‘Rudo y Cursi:’ The Mexican movie phenomenon

Eight years ago, Gael Garcia Bernal and Diego Luna became global pin-ups for the resurgence in Mexican filmmaking after their memorable breakthrough in coming-of-age road movie "Y tu Mama Tambien."

Today, Luna and Bernal’s on-screen chemistry has once again grabbed the public’s attention, this time in Mexico, where their latest film “Rudo y Cursi” made box-office history. It became the fourth highest-grossing film in the country’s history when it was released at the end of 2008. “Rudo y Cursi,” approximately translated as Tough and Corny, tells the story of two rural banana farmers who, after being ‘spotted’ by a crooked talent scout, gain instant celebrity in the Mexican soccer league playing for opposing teams. But, mesmerized by women and fast cars and unable to defy their demons, they look on powerless as the dream disintegrates in front of them almost as suddenly as it arrived. The movie touches on fame, poverty and corruption, but for its makers, it is ultimately a tale of brotherhood. It was written written and directed by Carlos Cuaron, and is the first release from groundbreaking new production venture Cha Cha Cha films. Cha Cha Cha was established by Mexico’s three leading directors who are also renowned internationally — Carlos’ brother Alfonso Cuaron (“Children of Men”), Alejandro Gonzalez Inarritu (“Babel”) and Guillermo del Toro (“Pan’s Labyrinth”). All three serve as producers on the film. In pictures: Bernal and Garcia in “Rudo y Cursi” » “Originally I wanted to make a fake documentary about a footballer from a humble background who made it big and then disappeared mysteriously,” Carlos Cuaron told CNN. “But I told this idea to Gael [Garcia Bernal] and Diego [Luna], and they both said they wanted to play the part. I had one part and two actors. So I made up another brother and forgot about the fake documentary.” Cuaron also cast Bernal and Luna — best friends since childhood in Mexico City who were so keen to do the film the signed up before they saw a script — against type and against their wishes. Both had originally wanted to play the opposite character: Bernal the abrasive Rudo, and Luna the romantic Cursi. They were eventually dissuaded by Cuaron who said: “I don’t want to make Y Tu Mama Tambien 2.” The idea behind Cha Cha Cha films was conceived by Cuaron senior, del Toro and Innaritu when the trio — a kind of all-stars of Mexican cinema — found themselves with a surprise 16 nominations and 4 awards at the 2007 Oscars. The idea came out of a desire to pool their their rising bargaining power and maximize their clout in Hollywood — and, of course, out of friendship. The company was “born out of friendship and sibling sympathies,” del Toro told CNN. When Carlos was originally writing the script, his bother, Alfonso told him thought it was perfect for Cha Cha Cha. The venture formalizes a working relationship del Toro, Innaritu and Alfonso Cuaron have had for years, but they freely admit they spend little time together. Rather it is a case of exchanging ideas and honing each other’s writing over the phone and via email from all over the globe. Del Toro, for example, is currently in New Zealand directing Peter Jackson’s follow-up to his wildly successful “Lord of the Rings” trilogy, “The Hobbit.” It would appear that the Mexican trio have created an ideal creative environment for themselves, Cha Cha Cha has been criticized for forgetting their Mexican heritage in the rush to embrace Hollywood. It is not a criticism they take lightly. Watch Cuaron, Bernal and Garcia talking about “Rudo y Cursi” “I don’t care about Mexican films, about indie films, about Hollywood films,” says Alfonso. “Just good or bad movies. “Yes, it’s great that we have a common background as Mexican creators, but once you are a creator you have a common language with creators from all around the world.” For del Toro, the company will extend the influence of Mexican cinema not diminish it: “We want to give Mexican cinema, if you want to call it that, the credentials and right to exist in world cinema. “People don’t think twice when [Italian filmmaker] Bernardo Bertolucci is doing a movie about China called ‘The Last Emperor.’ “But in your mind, Latin American filmmakers are only doing Latin American films. We’re trying to show that it’s important to have roots, but not borders.” The bittersweet drama has played to big laughs all over Mexico and the U.S., but for its makers, it is not simply a comedy. “People talk about this film as if it’s a comedy but I question that,” says Alfonso. “The elements are very dramatic and actually very tragic, and the ending has a very bittersweet tone.” According to del Toro, the movie “says there’s a way to be comfortable with failure, and finding you’re emotionally more satisfied in failing.” Failure though, is not an issue overly burdening Cha Cha Cha’s “three amigos,” — their second film, “Biutiful,” set in Barcelona, directed by Inarritu and starring Javier Bardem is currently being edited in Spain. Alfonso told CNN his next movie would be shot in France and Scotland, and would be in French and English, though that too “will be a Cha Cha Cha film.” Carlos Cuaron is the only one who is unhappy, despite the unprecedented success of his directorial debut. “For me it’s difficult,” he says. “Whenever I see the movie, I only see the flaws. Nobody else sees them.”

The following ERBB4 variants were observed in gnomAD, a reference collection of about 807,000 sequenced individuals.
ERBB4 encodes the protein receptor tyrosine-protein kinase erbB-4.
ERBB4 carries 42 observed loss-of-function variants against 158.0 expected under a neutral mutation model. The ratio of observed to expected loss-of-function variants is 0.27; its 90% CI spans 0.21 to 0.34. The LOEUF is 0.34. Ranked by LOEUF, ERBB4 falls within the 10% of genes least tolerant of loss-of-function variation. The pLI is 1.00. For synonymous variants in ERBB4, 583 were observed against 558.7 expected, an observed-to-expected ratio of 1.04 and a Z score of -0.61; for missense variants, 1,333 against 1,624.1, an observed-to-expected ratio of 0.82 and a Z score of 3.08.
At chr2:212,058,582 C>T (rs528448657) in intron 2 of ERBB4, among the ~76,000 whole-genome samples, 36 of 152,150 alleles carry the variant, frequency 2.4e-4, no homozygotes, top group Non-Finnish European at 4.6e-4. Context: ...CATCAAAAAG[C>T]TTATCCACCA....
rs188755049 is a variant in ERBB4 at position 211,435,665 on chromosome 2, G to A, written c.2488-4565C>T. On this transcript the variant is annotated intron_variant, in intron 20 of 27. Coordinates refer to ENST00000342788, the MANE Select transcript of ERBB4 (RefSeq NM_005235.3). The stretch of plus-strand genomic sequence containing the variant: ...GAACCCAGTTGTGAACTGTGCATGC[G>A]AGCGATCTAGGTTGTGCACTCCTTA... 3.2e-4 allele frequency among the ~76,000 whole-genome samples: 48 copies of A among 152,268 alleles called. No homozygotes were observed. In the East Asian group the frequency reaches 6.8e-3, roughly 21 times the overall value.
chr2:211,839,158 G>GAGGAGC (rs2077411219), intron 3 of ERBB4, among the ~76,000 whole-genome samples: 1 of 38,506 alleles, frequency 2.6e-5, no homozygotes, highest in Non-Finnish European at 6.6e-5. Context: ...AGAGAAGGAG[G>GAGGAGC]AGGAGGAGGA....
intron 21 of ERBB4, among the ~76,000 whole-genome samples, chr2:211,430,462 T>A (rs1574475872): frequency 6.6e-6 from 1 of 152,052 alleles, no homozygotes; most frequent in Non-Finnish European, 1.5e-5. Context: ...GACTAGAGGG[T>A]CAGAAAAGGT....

“Not even your mother” asks Bernal. “No, not my mother,” says the director. “She thinks I’m a genius.”